Health and Human Services Secretary Mike Leavitt today released the first department-wide report on the goal of personalized health care and said work in biomedical science, health information technology and health care delivery should be aligned to produce “the right treatment, at the right time” for each individual patient.
The report, Personalized Health Care: Opportunities, Pathways, Resources, presents a long-range plan for achieving much more individualized treatment for patients, especially by using genetic information and health information technology (IT). Together, health information and IT can give clinicians better information about each patient and more support in choosing “best care” options for treatment.
“Health care professionals have always aimed at making medical care as individualized as possible. But in truth, our ability to deliver the right care for each person has been limited,” Secretary Leavitt writes in a foreword to the report.
The report was produced as part of Secretary Leavitt’s priority initiative on personalized health care. It describes how the exploding knowledge of the human genome will increase the capacity to predict, detect, preempt and treat disease, by enabling physicians to “look beneath” visible symptoms and see signs and causes of disease at the molecular level. The report also describes how health IT can make patient information accessible securely, while maintaining confidentially, as well as how it can support high quality care. Health IT can even help clinicians and researchers ascertain which treatments are most effective and for whom, by using broad-scale data derived from day-to-day medical practice.
The report includes descriptions of the opportunities presented by science and technology. It also outlines pathways where work is needed. The report presents the first inventory of some 50 related programs underway throughout HHS.
Secretary Leavitt said the combination of genomic medicine, health IT, and better use of medical evidence will make possible much more effective health care — such as learning which medicines, at what dosages, work best for which patients.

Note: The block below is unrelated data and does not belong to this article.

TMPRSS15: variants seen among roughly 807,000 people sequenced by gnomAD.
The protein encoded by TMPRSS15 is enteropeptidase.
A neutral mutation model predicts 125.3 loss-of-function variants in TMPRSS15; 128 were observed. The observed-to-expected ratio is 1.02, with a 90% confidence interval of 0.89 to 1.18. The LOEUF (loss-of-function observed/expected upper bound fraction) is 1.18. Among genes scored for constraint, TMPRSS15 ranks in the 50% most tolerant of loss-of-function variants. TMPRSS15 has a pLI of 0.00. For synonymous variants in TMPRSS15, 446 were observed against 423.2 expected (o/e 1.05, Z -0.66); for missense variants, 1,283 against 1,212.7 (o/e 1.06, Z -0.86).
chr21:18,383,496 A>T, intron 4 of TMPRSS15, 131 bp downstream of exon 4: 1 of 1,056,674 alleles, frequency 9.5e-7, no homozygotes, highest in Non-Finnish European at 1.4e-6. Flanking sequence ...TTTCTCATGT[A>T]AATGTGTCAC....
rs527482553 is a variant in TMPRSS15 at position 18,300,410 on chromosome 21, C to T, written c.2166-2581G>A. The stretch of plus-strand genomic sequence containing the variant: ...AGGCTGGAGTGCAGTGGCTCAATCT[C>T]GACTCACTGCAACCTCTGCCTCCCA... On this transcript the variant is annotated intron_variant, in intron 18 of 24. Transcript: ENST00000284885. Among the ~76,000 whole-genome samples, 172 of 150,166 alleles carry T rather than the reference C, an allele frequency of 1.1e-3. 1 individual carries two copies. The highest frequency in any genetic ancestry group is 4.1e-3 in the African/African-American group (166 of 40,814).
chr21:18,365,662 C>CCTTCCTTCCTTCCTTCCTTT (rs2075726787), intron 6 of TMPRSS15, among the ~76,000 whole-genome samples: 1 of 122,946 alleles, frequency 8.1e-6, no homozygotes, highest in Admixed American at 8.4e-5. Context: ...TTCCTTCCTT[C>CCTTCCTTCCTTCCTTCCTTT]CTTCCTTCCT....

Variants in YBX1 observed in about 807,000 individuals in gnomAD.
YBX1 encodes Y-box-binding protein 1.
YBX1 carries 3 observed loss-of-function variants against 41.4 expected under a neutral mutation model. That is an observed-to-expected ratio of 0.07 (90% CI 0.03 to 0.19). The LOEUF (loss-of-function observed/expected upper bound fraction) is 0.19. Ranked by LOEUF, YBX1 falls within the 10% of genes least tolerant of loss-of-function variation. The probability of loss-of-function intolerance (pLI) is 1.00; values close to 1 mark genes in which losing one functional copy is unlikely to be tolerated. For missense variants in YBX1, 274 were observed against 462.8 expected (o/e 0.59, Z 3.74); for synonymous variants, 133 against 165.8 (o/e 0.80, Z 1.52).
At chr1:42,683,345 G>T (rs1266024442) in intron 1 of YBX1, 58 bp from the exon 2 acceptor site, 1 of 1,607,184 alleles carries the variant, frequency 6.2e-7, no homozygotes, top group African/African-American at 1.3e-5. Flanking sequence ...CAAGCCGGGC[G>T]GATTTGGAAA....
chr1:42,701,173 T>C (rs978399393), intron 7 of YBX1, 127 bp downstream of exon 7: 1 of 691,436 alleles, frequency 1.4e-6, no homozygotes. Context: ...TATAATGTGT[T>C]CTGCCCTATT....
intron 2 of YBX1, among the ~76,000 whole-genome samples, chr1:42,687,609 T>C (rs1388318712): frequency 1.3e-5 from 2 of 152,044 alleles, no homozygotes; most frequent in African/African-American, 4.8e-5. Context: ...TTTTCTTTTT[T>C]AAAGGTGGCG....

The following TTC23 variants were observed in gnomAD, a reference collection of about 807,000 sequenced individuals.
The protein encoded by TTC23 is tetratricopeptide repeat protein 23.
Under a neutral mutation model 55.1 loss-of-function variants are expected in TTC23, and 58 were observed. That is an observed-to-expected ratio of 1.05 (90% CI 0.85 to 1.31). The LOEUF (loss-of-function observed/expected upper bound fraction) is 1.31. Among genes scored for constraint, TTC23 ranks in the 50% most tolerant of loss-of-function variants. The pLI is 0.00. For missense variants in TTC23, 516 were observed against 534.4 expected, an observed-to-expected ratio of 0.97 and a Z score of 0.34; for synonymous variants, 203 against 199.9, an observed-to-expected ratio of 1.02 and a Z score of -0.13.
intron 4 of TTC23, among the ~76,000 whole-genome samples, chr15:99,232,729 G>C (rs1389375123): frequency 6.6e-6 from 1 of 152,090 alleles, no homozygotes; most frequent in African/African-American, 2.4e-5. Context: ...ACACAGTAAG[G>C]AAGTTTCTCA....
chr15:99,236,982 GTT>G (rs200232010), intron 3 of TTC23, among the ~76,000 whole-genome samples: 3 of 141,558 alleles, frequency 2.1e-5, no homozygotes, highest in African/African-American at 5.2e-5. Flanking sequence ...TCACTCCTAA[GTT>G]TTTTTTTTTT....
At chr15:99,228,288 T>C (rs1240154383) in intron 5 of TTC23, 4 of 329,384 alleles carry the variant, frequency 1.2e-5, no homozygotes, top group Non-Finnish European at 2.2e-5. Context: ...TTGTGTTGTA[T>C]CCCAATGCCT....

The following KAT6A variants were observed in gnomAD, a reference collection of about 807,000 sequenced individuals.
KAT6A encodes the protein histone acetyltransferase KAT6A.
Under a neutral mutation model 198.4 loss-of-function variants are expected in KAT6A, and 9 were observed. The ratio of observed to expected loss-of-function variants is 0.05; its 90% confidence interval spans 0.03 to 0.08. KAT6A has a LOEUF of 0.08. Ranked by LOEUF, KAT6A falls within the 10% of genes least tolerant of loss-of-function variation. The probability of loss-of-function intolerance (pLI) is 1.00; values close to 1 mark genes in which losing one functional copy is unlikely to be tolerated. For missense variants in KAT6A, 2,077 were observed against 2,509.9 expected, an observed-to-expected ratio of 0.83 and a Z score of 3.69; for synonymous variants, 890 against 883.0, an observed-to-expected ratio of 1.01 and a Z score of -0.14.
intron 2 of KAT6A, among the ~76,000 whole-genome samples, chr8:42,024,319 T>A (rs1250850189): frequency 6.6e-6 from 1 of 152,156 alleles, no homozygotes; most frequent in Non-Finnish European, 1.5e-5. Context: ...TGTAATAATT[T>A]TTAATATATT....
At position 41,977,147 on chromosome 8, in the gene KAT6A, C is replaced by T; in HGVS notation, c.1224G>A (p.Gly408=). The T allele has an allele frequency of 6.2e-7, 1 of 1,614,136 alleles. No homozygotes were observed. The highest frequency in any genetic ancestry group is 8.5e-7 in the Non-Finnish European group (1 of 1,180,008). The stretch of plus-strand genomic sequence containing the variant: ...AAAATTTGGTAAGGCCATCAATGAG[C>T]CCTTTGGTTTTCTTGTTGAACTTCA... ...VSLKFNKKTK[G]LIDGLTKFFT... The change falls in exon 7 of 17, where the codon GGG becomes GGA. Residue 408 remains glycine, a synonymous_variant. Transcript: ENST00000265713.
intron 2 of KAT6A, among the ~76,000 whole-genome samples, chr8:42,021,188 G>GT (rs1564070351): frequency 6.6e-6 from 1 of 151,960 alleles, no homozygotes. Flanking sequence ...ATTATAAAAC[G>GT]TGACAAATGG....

“Personalized health care means knowing what works, knowing why it works, knowing who it works for, and applying that knowledge for patients,” he writes. “These goals may sound elementary, but a generation of effort lies ahead of us in achieving them.”
Secretary Leavitt emphasized that personalized medicine, especially the use of genomic data, will require further attention to using information correctly, including protecting the privacy of identifiable personal health information and protection against misuse of that information. The Secretary also noted that the Bush Administration, since 2001, has supported enactment of federal law to protect against misuse of genomic information in employment and health insurance.
Some highlights of related activities in HHS include:
Genome-wide Association Studies, sponsored especially by the National Institutes of Health (NIH), to identify genetic elements in disease. New findings from these studies are now being reported at a rapidly accelerating pace.
Efforts by the Centers for Disease Control and Prevention (CDC) to describe population-wide genomic characteristics and to help lay the groundwork for using genomic elements in health care.
Programs under the National Cancer Institute (NCI) to improve understanding of the causes of cancer and to improve treatment through scientific advancement as well as new programs for sharing “best treatment” information.
HHS-supported efforts in health IT to develop technical standards and provide for secure exchange of medical data, aimed at supporting the President’s goal of electronic health records for most Americans by 2014.
New guidance and planning by the Food and Drug Administration (FDA) to lay the groundwork for rapid development of useful new products, and for integrating genomic information into drug prescribing and disease diagnosis.
Efforts by NIH, CDC, the Agency for Healthcare Research and Quality (AHRQ), the Health Resources and Services Administration (HRSA) and the Indian Health Service (IHS) to accelerate the translation of scientific discoveries and “best practice” information into clinical practice.
The report is available on the HHS Web site at http://www.hhs.gov/myhealthcare/.